## Fractions are Hard!

### 3.7 Algebra connections

In an advanced algebra course students are often asked to work with complicated expressions of the following ilk

.

\(\dfrac{\dfrac{1}{x}+1}{\dfrac{3}{x}}\).

** **

We can make it look friendlier by following exactly the same technique of our fraction work. In this example, let’s multiply the numerator and denominator each by \(x\). (Do you see why this is a good choice?) We obtain

\(\dfrac{\left(\dfrac{1}{x}+1\right)\times x}{\left(\dfrac{3}{x}\right)\times x}=\dfrac{1+x}{3}\).

and \(\dfrac{1+x}{3}\) is much less scary.

As another example, given

\(\dfrac{\dfrac{1}{a}-\dfrac{1}{b}}{ab}\)

one might find it helpful to multiply the numerator and the denominator each by \(a\) and then each by \(b\).

\(\dfrac{\left(\dfrac{1}{a}-\dfrac{1}{b}\right)\times a\times b}{ab\times a \times b}=\dfrac{b-a}{a^{2}b^{2}}\),

and for

** **

\(\dfrac{\dfrac{1}{\left(w+1\right)^{2}-2}}{\dfrac{1}{\left(w+1\right)^{2}+5}}\)

it might be helpful to multiply top and bottom each by \(\left(w+1\right)^{2}\)

\(\dfrac{\dfrac{1}{\left(w+1\right)^{2}-2}}{\dfrac{1}{\left(w+1\right)^{2}+5}}=\dfrac{1-2\left(w+1\right)^{2}}{1+5\left(w+1\right)^{2}}\).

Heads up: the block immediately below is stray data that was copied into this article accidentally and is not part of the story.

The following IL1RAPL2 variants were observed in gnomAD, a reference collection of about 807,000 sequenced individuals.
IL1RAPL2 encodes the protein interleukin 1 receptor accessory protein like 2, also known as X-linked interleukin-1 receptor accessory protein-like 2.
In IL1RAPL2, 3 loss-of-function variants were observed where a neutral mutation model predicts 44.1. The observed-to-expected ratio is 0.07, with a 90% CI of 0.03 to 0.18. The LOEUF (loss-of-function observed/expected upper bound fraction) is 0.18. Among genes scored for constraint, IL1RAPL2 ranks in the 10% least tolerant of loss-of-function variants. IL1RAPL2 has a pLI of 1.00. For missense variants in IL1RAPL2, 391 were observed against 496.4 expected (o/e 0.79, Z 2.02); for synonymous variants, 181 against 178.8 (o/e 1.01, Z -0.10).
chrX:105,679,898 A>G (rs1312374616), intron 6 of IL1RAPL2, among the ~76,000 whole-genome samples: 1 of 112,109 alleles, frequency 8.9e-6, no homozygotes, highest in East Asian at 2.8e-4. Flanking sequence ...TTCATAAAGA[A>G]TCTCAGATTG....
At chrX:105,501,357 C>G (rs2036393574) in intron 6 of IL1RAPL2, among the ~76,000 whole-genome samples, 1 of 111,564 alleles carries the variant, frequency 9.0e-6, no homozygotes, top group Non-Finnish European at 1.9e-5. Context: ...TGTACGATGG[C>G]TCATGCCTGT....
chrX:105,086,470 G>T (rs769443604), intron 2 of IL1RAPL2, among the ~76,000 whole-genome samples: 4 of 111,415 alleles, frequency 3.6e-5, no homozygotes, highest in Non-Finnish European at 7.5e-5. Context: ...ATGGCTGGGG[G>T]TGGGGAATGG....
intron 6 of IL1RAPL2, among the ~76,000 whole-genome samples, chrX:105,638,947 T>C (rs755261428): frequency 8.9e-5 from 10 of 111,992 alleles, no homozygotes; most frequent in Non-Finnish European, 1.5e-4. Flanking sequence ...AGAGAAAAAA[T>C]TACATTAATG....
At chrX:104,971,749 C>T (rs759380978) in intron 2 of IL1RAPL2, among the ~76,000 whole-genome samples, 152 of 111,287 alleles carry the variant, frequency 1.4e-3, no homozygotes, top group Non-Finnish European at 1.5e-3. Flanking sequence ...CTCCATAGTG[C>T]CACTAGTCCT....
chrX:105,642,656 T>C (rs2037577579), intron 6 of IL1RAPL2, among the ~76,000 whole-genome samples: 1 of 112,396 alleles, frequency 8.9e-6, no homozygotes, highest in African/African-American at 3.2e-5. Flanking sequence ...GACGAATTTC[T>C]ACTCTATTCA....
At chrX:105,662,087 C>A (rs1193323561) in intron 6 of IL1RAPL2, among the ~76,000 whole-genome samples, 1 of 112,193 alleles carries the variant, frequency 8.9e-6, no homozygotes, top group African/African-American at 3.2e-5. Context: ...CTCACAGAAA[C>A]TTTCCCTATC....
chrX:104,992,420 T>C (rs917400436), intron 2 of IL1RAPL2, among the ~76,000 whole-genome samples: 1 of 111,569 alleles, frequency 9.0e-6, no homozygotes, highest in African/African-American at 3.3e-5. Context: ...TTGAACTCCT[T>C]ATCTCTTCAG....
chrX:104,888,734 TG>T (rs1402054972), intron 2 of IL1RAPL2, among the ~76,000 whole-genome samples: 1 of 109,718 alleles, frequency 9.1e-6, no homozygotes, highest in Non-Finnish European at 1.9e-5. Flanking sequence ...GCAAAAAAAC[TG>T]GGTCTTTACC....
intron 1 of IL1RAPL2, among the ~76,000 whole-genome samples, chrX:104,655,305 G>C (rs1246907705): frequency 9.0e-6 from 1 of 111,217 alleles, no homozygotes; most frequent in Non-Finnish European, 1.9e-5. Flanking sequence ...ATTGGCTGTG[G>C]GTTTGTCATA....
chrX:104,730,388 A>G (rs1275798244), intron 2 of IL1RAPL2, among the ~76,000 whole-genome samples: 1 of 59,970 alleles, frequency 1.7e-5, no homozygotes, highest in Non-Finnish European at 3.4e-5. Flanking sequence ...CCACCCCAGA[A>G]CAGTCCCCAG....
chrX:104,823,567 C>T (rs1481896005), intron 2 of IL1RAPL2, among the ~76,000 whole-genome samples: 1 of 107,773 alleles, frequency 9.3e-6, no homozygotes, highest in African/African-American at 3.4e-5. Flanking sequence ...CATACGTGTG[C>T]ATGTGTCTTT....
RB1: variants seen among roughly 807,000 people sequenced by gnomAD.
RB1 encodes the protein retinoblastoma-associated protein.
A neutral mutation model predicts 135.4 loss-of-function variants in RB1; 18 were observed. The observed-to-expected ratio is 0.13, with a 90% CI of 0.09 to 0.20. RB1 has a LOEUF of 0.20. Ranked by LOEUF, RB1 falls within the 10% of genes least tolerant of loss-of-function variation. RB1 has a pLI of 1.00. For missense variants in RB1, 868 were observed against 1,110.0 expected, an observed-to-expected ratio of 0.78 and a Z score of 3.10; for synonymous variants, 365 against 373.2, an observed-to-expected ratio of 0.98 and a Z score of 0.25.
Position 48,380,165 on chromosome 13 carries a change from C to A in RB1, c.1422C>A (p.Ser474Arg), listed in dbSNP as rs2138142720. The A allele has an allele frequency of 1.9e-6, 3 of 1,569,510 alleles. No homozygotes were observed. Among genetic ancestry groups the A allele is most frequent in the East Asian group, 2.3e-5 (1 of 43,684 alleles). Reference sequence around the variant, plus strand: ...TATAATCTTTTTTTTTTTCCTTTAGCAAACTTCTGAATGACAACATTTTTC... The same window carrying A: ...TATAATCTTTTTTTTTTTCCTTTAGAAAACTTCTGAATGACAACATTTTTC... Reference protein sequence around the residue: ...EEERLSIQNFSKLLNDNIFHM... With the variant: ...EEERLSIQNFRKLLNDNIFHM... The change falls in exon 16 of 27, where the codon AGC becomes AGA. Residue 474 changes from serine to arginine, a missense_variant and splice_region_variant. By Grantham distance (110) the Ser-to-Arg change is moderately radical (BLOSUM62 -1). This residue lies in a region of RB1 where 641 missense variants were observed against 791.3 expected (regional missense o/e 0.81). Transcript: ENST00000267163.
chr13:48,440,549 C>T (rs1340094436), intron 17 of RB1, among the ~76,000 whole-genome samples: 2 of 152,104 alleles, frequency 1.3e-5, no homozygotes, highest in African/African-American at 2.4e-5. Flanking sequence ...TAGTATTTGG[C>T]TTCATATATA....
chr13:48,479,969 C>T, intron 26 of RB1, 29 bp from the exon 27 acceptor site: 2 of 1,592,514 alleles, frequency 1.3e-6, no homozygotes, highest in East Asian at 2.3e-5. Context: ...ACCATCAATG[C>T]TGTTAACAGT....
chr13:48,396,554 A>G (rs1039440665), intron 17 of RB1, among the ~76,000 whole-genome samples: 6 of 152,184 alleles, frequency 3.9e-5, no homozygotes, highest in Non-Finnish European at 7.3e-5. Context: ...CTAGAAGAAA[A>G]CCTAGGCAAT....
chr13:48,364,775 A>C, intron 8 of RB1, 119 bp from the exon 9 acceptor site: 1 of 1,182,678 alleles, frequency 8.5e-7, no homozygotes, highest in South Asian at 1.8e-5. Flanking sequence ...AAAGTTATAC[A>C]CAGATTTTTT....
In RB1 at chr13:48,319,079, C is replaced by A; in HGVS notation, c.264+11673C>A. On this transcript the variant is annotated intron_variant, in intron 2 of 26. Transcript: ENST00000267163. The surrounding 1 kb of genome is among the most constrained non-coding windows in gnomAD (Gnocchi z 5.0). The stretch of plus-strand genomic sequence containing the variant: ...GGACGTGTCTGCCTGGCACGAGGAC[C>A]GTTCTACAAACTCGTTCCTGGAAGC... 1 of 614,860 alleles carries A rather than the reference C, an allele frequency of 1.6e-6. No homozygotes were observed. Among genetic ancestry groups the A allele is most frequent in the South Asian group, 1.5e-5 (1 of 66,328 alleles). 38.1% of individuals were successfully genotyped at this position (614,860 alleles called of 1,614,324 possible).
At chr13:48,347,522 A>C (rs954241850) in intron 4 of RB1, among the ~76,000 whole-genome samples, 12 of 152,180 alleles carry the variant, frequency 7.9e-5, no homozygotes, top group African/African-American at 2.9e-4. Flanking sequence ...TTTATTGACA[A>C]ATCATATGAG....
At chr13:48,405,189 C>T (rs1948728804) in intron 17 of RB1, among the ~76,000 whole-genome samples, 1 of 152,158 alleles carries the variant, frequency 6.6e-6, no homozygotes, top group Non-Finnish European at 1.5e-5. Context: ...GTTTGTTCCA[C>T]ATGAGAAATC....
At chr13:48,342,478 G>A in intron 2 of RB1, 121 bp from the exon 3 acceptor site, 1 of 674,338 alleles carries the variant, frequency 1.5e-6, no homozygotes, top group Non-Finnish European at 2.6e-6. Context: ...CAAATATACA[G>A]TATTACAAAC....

Question: Make each of the following expressions look friendlier.
a) \(\dfrac{2-\dfrac{1}{x}}{1+\dfrac{1}{x}}\).
b) \(\dfrac{\dfrac{1}{x+h}+5}{\dfrac{1}{x+h}}\)
c)\(\dfrac{1}{\dfrac{1}{a}+\dfrac{1}{b}}\)
d) \(\dfrac{\dfrac{1}{x+a}-\dfrac{1}{x}}{a}\)
e) \(\dfrac{1}{s^{-2}}\) |

Question:
a) Find the two numbers \(x\) that satisfy the equation \(x=1+\dfrac{1}{x}\). The larger of these two numbers is called “the golden ratio.”
b) Let \(x\) be the golden ratio. Show that \(x\) also satisfies the equation \(x=1+\dfrac{1}{1+\dfrac{1}{x}}\).
c) Show that \(x\) also satisfies \(x=1+\dfrac{1}{1+\dfrac{1}{1+\dfrac{1}{1+\dfrac{1}{1+\dfrac{1}{1+\dfrac{1}{x}}}}}}\).
It seems that the golden ratio is connected to the sequence of fractions:
\(1\); \(1+\dfrac{1}{1}=2\); \(1+\dfrac{1}{1+\dfrac{1}{1}}=\dfrac{3}{2}\); \(1+\dfrac{1}{1+\dfrac{1}{1+\dfrac{1}{1}}}=\dfrac{5}{3}\); …
d) Compute the next five fractions in this sequence.
e) Explain why the numerator of one fraction is sure to be the denominator of the next.
f) Explain why the numerator of each fraction is sure to be the sum of the denominator and numerator of its previous fraction.
g) (INTERNET RESEARCH): What famous sequence of numbers seems to be appearing within these fractions? |

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